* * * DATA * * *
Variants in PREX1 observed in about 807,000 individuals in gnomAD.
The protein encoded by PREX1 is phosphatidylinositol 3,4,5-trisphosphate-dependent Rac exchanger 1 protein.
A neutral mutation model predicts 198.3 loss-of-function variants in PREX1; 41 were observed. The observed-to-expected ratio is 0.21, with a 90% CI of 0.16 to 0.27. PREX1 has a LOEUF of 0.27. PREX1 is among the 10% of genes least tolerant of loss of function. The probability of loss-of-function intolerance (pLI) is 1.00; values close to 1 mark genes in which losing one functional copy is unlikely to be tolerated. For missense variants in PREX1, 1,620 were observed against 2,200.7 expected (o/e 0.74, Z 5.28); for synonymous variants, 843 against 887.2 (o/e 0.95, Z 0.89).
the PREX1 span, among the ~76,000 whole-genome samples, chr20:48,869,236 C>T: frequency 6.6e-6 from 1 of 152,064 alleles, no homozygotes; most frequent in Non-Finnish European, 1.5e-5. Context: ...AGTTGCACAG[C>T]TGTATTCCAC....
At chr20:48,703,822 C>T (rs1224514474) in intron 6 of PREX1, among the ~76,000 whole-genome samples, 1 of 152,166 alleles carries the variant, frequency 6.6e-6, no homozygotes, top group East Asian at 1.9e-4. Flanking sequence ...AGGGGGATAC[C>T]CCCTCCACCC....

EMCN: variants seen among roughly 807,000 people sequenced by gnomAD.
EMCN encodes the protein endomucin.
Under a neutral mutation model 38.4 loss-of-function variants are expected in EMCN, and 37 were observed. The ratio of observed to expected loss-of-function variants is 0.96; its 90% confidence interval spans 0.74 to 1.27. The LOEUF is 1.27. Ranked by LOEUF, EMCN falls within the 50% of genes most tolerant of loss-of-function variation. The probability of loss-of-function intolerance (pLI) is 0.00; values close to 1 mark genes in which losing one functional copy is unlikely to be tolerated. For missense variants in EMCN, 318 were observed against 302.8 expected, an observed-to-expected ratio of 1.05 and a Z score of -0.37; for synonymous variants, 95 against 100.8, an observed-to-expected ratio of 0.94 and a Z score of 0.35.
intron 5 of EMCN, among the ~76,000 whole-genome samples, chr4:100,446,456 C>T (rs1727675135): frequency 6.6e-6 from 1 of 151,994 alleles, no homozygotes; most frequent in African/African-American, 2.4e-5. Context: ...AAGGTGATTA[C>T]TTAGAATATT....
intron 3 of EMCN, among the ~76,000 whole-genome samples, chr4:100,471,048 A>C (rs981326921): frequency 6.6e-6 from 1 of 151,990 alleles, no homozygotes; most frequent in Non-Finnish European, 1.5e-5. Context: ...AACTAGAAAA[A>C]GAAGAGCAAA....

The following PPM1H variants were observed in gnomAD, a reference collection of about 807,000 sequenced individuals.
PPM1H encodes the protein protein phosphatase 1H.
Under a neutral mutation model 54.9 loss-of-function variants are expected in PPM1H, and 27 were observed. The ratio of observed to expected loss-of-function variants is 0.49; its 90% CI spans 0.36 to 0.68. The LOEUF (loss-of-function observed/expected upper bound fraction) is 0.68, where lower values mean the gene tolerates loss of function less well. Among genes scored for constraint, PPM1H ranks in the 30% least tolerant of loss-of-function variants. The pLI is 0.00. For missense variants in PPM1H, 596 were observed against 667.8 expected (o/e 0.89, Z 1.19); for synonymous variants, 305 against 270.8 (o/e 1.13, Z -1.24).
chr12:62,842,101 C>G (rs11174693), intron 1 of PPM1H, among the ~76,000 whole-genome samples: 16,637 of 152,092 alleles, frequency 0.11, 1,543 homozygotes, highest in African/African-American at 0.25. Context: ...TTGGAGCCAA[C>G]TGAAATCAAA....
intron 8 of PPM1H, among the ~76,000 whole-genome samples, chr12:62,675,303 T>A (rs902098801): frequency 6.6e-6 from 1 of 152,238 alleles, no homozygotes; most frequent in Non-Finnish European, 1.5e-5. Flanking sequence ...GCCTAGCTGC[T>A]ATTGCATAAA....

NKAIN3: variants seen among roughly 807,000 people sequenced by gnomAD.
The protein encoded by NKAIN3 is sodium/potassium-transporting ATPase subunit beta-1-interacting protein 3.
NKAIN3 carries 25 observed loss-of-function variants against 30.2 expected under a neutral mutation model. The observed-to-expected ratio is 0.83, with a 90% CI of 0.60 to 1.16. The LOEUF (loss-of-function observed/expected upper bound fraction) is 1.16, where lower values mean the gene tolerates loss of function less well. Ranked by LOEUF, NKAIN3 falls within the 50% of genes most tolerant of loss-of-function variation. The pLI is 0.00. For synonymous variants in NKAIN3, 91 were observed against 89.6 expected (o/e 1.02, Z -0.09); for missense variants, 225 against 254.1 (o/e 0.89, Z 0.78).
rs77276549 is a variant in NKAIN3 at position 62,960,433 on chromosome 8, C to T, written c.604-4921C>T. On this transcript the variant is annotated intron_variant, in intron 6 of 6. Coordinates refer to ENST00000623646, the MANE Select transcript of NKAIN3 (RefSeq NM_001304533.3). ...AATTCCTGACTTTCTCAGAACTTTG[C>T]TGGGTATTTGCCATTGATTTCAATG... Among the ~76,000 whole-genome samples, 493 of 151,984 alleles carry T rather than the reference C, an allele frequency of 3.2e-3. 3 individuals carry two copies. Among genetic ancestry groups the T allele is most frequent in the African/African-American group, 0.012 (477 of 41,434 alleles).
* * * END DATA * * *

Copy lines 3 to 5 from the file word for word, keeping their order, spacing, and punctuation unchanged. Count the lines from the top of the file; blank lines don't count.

A neutral mutation model predicts 198.3 loss-of-function variants in PREX1; 41 were observed. The observed-to-expected ratio is 0.21, with a 90% CI of 0.16 to 0.27. PREX1 has a LOEUF of 0.27. PREX1 is among the 10% of genes least tolerant of loss of function. The probability of loss-of-function intolerance (pLI) is 1.00; values close to 1 mark genes in which losing one functional copy is unlikely to be tolerated. For missense variants in PREX1, 1,620 were observed against 2,200.7 expected (o/e 0.74, Z 5.28); for synonymous variants, 843 against 887.2 (o/e 0.95, Z 0.89).
the PREX1 span, among the ~76,000 whole-genome samples, chr20:48,869,236 C>T: frequency 6.6e-6 from 1 of 152,064 alleles, no homozygotes; most frequent in Non-Finnish European, 1.5e-5. Context: ...AGTTGCACAG[C>T]TGTATTCCAC....
At chr20:48,703,822 C>T (rs1224514474) in intron 6 of PREX1, among the ~76,000 whole-genome samples, 1 of 152,166 alleles carries the variant, frequency 6.6e-6, no homozygotes, top group East Asian at 1.9e-4. Flanking sequence ...AGGGGGATAC[C>T]CCCTCCACCC....